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Our holdings include hundreds of glass and film negatives/transparencies that we've scanned ourselves; in addition, many other photos on this site were extracted from reference images (high-resolution tiffs) in the Library of Congress research archive. (To query the database click here.) They are adjusted, restored and reworked by your webmaster in accordance with his aesthetic sensibilities before being downsized and turned into the jpegs you see here. All of these images (including "derivative works") are protected by copyright laws of the United States and other jurisdictions and may not be sold, reproduced or otherwise used for commercial purposes without permission.

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[REV 25-NOV-2014]

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Issar in America: 1905

Issar in America: 1905

At the behest of his older brother Benny, my mother’s future father, Issar, left his home in what is now Poland, for America. There he had his picture taken at Hurwitz’s Photographic Art Studio, 273 E Houston Street, New York City. At the time he spoke no English and had little formal education, but he had been apprenticed in the garment trade. Together the brothers formed Weinstein Brothers Cloak and Suits in NYC.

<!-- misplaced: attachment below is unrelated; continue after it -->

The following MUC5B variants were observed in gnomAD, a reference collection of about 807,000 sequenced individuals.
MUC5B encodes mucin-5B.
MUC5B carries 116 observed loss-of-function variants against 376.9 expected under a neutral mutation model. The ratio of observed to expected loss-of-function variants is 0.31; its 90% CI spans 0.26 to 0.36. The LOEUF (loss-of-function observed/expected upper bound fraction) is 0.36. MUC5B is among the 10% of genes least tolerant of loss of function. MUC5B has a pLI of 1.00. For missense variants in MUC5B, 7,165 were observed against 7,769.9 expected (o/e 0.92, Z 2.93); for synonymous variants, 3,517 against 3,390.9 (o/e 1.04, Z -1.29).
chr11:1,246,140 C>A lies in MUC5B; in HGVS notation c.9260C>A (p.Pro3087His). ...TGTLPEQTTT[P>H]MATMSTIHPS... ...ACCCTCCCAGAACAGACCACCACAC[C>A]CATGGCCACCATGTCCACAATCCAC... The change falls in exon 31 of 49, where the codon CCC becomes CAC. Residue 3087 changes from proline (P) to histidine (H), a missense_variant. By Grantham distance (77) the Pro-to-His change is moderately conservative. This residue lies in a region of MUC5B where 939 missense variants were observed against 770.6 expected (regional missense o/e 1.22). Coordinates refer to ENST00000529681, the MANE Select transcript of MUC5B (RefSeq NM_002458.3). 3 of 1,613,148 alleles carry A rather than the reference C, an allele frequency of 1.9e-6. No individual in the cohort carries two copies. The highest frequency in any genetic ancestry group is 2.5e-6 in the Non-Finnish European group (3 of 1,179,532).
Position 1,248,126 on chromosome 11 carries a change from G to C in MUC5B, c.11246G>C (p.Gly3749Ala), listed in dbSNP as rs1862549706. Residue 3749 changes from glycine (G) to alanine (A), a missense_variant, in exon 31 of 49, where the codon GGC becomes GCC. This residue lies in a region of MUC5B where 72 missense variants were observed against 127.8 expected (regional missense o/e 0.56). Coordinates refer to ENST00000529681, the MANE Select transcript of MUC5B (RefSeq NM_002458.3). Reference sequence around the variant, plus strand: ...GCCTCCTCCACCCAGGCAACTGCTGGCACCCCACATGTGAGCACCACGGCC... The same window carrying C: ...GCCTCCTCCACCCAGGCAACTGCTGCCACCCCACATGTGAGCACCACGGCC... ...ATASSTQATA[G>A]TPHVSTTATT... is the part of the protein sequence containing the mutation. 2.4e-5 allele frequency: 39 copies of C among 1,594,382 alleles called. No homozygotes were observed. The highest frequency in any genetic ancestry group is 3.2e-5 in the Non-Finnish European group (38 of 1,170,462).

Exactly when his name was changed from his birth name of Issar Derrish to his “American” name of Isadore Weinstein I do not know. I never met him to ask, though if I had, I would have asked which dumb cluck brother thought that very Eastern European ethnic name was American. My mother describes her Uncle Benny as an outgoing life of the party kind of fellow and says he was “the outside man” of the company. Her more reserved father was the “inside man” making the patterns and supervising whatever employees the company had. I translate that as being the salesman and the craftsman.

When Benny died suddenly during the 1930's, the company folded, leaving Issar to freelance from company to company, making each one a pattern so that they would have new product for the coming season and stay in business during those hard times. Reportedly Issar loved children, opera, and cigars.

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